“We aren’t at the same threat level as Wisconsin yet, but we’re getting there quickly,” Tipping, whose group is responding with a March 10 lobbying effort in the capitol, said.

Labor advocates face a stiff political challenge.

In January this column discussed Americans’ diminished view of unions amid declining influence and a weak economy. A 2009 Pew Research poll showed support for labor at an all-time low.

Such conditions are perfect for Republicans to deliver a coup de grace to a traditional pillar of Democrats’ political power. They’ve already laid the groundwork by pitting private sector workers against union workers, arguing that the latter receive Cadillac benefits and wages.

But the events in Wisconsin prove organized labor isn’t going quietly.

The Democratic National Committee’s Organizing for America has reportedly helped coordinate the protests. The DNC told the Milwaukee Journal Sentinel that the group’s involvement is overblown.

Regardless, national involvement underscores a point recently made in The New Republic by Joseph A McCartin, an associate professor for the Kalmanovitz Initiative for Labor and the Working Poor at Georgetown University. Despite labor’s reportedly weakened stature, McCartin argued that Wisconsin was precisely the kind of moment organized labor needed to flip the GOP attacks. It’s organized labor that forced employers to provide the protections and benefits that workers enjoy today, he argued.

McCartin added that Walker’s attempt to eliminate collective bargaining has nothing do with staving off a financial crisis.

“It is really all about politics,” McCartin wrote. “As the protests that have erupted in Madison over the past few days remind us, even in its weakened state, the labor movement can still mobilize grassroots opposition to the anti-government agenda of Tea Party Republicans like Walker. It is precisely this capability that Walker and others are determined to undermine by taking away workers’ rights to union representation.”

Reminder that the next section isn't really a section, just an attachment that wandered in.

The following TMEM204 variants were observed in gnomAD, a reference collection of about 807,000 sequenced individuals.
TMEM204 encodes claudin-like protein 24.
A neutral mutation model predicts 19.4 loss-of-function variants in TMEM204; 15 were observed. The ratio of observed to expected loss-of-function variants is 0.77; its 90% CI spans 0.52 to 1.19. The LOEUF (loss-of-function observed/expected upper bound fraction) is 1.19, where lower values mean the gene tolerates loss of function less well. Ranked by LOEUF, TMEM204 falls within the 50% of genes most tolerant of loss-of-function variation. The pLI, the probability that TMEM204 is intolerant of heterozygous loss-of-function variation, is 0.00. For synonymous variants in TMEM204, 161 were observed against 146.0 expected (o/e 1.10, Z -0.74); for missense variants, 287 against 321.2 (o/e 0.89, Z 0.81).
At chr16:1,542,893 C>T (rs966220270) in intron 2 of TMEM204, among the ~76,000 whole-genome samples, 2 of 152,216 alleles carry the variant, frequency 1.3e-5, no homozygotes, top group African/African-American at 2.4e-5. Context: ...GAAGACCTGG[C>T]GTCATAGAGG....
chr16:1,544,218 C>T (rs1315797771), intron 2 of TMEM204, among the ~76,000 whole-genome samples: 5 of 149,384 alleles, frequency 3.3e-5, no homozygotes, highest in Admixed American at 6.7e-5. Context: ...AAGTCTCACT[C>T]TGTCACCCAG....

‘I believe Cain’

Gov. Paul LePage said last week that he believed House minority leader Rep. Emily Cain, D-Orono, when she says she paid for an energy audit by the Maine Green Energy Alliance, the now-defunct group that the Maine Republican Party claims was a “slush fund” for Democrats.

LePage’s statement might leave some puzzled. After all, Cain has been a vocal critic of the governor’s proposals. Why not stand with the party, which has insinuated that Cain received the audit for free?

Perhaps the governor’s comments had more to do with his rumored rift with Maine GOP chairman Charlie Webster than his support of the pesky House minority leader.

Asked about his reaction to Webster’s insinuation that Cain didn’t pay for the audit, LePage said, “I’m going to be very candid. I don’t speak on their (Maine GOP’s) behalf, and they don’t speak on mine.”

He added, “I did speak to Emily Cain. She tells me she did pay for an energy audit. I buy it. I believe her. I have no reason not to. And I support what she said.”

MPBN’s A.J. Higgins then asked LePage about his relationship with Webster and the state party.

LePage: “We get along fine. He (Webster) does his thing, and I do mine. We get along just as well as you (Higgins) and I get along.”

LePage’s response drew laughter. Here’s why: Higgins and LePage haven’t always gotten along.